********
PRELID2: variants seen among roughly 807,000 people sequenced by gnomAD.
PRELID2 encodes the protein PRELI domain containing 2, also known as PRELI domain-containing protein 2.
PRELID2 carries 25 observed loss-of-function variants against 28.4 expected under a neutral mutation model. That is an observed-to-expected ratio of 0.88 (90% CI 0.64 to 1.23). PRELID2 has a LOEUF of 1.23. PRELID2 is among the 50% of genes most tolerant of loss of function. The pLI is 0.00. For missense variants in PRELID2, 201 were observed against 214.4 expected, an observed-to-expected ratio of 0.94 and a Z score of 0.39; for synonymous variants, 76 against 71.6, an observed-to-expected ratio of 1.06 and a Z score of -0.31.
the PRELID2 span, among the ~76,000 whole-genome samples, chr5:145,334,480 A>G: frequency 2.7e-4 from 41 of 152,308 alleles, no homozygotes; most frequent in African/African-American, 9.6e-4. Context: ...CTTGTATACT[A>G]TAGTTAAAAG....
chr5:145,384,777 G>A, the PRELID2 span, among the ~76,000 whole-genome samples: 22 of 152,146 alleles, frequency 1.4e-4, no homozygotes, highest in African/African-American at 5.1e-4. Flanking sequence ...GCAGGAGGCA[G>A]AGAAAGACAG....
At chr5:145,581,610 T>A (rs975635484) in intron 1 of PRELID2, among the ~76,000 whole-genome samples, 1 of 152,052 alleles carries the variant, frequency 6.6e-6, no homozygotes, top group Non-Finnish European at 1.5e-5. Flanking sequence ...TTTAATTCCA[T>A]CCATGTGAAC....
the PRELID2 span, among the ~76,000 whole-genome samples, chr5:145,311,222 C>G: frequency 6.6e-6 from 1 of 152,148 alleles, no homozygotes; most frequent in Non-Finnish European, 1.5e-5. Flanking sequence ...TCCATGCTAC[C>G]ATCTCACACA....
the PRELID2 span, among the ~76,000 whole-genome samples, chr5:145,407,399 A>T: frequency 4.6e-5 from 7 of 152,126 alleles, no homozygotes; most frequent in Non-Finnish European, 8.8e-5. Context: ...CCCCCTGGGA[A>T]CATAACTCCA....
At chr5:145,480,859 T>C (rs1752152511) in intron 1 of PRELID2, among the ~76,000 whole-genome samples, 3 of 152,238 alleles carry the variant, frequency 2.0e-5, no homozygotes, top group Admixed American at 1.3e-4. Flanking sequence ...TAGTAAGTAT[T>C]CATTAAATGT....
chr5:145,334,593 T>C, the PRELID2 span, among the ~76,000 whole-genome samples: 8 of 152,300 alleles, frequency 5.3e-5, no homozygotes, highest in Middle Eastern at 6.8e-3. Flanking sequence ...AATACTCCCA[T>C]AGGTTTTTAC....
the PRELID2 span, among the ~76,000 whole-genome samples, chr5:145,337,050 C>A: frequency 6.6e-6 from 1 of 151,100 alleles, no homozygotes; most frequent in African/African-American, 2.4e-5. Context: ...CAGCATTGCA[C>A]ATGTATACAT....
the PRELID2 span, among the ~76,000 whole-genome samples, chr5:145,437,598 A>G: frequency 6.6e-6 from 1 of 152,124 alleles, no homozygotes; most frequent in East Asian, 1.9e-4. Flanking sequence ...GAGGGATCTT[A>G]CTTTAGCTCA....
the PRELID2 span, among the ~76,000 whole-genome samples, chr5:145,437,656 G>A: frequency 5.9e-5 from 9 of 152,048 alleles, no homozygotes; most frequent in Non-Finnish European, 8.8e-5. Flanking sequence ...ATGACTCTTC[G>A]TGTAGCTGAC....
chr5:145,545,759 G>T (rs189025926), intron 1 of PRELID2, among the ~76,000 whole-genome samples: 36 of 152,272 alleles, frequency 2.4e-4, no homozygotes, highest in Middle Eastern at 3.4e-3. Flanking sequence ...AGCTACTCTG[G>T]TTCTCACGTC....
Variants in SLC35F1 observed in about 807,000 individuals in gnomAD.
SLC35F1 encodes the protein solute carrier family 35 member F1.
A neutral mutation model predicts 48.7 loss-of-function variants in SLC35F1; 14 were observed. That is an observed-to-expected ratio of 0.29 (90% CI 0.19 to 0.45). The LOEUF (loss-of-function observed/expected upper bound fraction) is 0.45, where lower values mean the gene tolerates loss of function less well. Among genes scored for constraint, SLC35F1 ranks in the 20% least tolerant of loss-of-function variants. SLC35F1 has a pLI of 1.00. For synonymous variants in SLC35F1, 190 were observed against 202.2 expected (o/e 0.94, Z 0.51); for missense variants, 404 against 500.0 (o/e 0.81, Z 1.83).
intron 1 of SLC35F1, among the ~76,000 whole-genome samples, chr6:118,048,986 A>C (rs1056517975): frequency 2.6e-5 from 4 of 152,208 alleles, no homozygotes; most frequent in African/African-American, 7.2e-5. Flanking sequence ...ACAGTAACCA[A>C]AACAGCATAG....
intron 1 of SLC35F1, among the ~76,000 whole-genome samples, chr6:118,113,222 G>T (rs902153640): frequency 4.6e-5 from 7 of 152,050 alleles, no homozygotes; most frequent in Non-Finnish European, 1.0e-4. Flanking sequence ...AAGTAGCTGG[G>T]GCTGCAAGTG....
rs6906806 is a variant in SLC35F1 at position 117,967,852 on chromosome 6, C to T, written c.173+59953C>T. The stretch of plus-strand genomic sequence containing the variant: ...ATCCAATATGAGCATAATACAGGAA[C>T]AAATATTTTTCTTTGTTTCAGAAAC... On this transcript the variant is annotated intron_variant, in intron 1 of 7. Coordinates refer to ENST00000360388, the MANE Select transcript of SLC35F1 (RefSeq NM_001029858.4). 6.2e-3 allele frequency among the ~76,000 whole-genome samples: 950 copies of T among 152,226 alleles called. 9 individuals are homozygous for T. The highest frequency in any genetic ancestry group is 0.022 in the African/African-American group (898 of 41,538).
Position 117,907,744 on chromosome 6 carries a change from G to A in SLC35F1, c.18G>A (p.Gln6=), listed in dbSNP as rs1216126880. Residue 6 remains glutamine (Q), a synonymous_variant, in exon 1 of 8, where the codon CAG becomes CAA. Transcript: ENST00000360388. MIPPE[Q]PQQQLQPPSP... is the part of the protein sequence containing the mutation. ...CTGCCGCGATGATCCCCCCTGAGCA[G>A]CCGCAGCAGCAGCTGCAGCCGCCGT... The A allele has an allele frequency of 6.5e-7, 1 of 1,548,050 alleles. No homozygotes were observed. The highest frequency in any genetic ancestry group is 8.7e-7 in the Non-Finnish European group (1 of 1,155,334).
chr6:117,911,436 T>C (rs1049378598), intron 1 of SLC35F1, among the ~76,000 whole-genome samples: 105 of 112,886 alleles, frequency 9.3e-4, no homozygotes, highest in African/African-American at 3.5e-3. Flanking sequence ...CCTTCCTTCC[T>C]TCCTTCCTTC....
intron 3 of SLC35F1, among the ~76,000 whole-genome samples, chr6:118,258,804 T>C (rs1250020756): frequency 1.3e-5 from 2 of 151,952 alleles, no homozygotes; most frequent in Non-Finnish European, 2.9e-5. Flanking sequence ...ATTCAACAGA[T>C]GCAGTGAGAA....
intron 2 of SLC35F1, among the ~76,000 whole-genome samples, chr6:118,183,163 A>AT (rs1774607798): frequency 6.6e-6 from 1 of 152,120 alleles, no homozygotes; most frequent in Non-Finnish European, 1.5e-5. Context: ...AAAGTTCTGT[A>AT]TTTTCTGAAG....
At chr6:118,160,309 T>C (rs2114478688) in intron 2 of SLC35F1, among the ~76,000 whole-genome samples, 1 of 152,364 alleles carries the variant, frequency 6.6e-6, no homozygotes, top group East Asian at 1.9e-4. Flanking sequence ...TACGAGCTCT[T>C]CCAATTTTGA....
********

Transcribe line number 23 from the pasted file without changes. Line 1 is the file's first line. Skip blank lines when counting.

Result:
intron 3 of SLC35F1, among the ~76,000 whole-genome samples, chr6:118,258,804 T>C (rs1250020756): frequency 1.3e-5 from 2 of 151,952 alleles, no homozygotes; most frequent in Non-Finnish European, 2.9e-5. Flanking sequence ...ATTCAACAGA[T>C]GCAGTGAGAA....